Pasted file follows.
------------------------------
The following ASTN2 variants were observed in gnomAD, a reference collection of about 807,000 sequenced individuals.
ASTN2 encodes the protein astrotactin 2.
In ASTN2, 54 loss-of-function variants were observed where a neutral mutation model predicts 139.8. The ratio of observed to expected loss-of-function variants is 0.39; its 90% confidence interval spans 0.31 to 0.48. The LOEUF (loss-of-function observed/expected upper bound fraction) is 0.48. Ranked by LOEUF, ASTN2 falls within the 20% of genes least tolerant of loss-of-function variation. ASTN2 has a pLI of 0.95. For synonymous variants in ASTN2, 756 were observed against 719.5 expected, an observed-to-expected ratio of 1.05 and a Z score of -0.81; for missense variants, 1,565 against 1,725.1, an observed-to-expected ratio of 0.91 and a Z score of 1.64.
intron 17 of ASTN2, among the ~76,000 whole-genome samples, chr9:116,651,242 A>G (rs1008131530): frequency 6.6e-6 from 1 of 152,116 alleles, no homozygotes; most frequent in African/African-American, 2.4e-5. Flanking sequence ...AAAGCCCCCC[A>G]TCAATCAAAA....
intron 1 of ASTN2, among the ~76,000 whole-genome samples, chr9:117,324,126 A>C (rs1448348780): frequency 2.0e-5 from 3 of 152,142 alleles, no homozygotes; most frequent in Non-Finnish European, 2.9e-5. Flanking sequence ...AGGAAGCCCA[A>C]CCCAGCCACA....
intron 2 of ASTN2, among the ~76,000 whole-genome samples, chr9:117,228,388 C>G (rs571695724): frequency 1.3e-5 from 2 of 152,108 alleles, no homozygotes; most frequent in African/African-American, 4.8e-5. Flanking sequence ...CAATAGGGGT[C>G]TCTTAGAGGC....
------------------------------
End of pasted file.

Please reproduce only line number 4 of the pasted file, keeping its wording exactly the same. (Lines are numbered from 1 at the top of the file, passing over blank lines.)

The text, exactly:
intron 17 of ASTN2, among the ~76,000 whole-genome samples, chr9:116,651,242 A>G (rs1008131530): frequency 6.6e-6 from 1 of 152,116 alleles, no homozygotes; most frequent in African/African-American, 2.4e-5. Flanking sequence ...AAAGCCCCCC[A>G]TCAATCAAAA....